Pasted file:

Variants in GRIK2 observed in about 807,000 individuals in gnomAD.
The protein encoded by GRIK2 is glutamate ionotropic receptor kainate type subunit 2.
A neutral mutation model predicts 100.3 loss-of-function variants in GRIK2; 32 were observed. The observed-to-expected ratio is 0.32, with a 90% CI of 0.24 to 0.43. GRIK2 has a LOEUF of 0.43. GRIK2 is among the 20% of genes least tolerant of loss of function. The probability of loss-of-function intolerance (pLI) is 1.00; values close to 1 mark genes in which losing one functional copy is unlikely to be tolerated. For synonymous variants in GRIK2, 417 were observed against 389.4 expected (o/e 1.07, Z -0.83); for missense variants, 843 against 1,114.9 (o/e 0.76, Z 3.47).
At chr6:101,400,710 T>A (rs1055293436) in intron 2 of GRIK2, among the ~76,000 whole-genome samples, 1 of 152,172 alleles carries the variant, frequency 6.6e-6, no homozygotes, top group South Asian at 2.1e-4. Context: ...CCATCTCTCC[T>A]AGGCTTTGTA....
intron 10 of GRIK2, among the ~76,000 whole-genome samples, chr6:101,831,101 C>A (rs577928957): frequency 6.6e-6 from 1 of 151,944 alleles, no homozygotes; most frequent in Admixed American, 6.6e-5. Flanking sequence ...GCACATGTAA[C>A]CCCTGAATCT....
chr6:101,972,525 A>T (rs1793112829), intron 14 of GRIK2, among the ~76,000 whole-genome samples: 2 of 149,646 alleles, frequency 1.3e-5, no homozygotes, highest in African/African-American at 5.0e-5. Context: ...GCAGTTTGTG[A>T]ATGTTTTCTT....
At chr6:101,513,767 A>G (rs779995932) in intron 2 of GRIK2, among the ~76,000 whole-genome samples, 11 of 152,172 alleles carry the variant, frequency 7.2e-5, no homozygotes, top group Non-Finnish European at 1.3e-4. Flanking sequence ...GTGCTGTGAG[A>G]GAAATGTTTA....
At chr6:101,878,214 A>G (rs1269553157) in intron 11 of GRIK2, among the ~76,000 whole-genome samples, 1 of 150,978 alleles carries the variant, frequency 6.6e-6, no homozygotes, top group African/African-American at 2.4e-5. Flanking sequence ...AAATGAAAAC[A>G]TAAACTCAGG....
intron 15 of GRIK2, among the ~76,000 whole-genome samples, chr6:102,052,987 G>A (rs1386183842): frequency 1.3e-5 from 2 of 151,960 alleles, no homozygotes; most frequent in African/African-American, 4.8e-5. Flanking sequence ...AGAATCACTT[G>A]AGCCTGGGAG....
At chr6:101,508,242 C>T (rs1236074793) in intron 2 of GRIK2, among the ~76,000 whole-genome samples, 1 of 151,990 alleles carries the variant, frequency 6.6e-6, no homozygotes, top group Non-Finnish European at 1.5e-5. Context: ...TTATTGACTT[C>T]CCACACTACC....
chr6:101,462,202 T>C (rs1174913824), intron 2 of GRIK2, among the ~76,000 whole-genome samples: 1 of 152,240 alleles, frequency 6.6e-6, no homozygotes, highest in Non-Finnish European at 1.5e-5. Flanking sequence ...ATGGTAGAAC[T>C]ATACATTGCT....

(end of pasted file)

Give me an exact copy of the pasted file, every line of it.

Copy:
Variants in GRIK2 observed in about 807,000 individuals in gnomAD.
The protein encoded by GRIK2 is glutamate ionotropic receptor kainate type subunit 2.
A neutral mutation model predicts 100.3 loss-of-function variants in GRIK2; 32 were observed. The observed-to-expected ratio is 0.32, with a 90% CI of 0.24 to 0.43. GRIK2 has a LOEUF of 0.43. GRIK2 is among the 20% of genes least tolerant of loss of function. The probability of loss-of-function intolerance (pLI) is 1.00; values close to 1 mark genes in which losing one functional copy is unlikely to be tolerated. For synonymous variants in GRIK2, 417 were observed against 389.4 expected (o/e 1.07, Z -0.83); for missense variants, 843 against 1,114.9 (o/e 0.76, Z 3.47).
At chr6:101,400,710 T>A (rs1055293436) in intron 2 of GRIK2, among the ~76,000 whole-genome samples, 1 of 152,172 alleles carries the variant, frequency 6.6e-6, no homozygotes, top group South Asian at 2.1e-4. Context: ...CCATCTCTCC[T>A]AGGCTTTGTA....
intron 10 of GRIK2, among the ~76,000 whole-genome samples, chr6:101,831,101 C>A (rs577928957): frequency 6.6e-6 from 1 of 151,944 alleles, no homozygotes; most frequent in Admixed American, 6.6e-5. Flanking sequence ...GCACATGTAA[C>A]CCCTGAATCT....
chr6:101,972,525 A>T (rs1793112829), intron 14 of GRIK2, among the ~76,000 whole-genome samples: 2 of 149,646 alleles, frequency 1.3e-5, no homozygotes, highest in African/African-American at 5.0e-5. Context: ...GCAGTTTGTG[A>T]ATGTTTTCTT....
At chr6:101,513,767 A>G (rs779995932) in intron 2 of GRIK2, among the ~76,000 whole-genome samples, 11 of 152,172 alleles carry the variant, frequency 7.2e-5, no homozygotes, top group Non-Finnish European at 1.3e-4. Flanking sequence ...GTGCTGTGAG[A>G]GAAATGTTTA....
At chr6:101,878,214 A>G (rs1269553157) in intron 11 of GRIK2, among the ~76,000 whole-genome samples, 1 of 150,978 alleles carries the variant, frequency 6.6e-6, no homozygotes, top group African/African-American at 2.4e-5. Flanking sequence ...AAATGAAAAC[A>G]TAAACTCAGG....
intron 15 of GRIK2, among the ~76,000 whole-genome samples, chr6:102,052,987 G>A (rs1386183842): frequency 1.3e-5 from 2 of 151,960 alleles, no homozygotes; most frequent in African/African-American, 4.8e-5. Flanking sequence ...AGAATCACTT[G>A]AGCCTGGGAG....
At chr6:101,508,242 C>T (rs1236074793) in intron 2 of GRIK2, among the ~76,000 whole-genome samples, 1 of 151,990 alleles carries the variant, frequency 6.6e-6, no homozygotes, top group Non-Finnish European at 1.5e-5. Context: ...TTATTGACTT[C>T]CCACACTACC....
chr6:101,462,202 T>C (rs1174913824), intron 2 of GRIK2, among the ~76,000 whole-genome samples: 1 of 152,240 alleles, frequency 6.6e-6, no homozygotes, highest in Non-Finnish European at 1.5e-5. Flanking sequence ...ATGGTAGAAC[T>C]ATACATTGCT....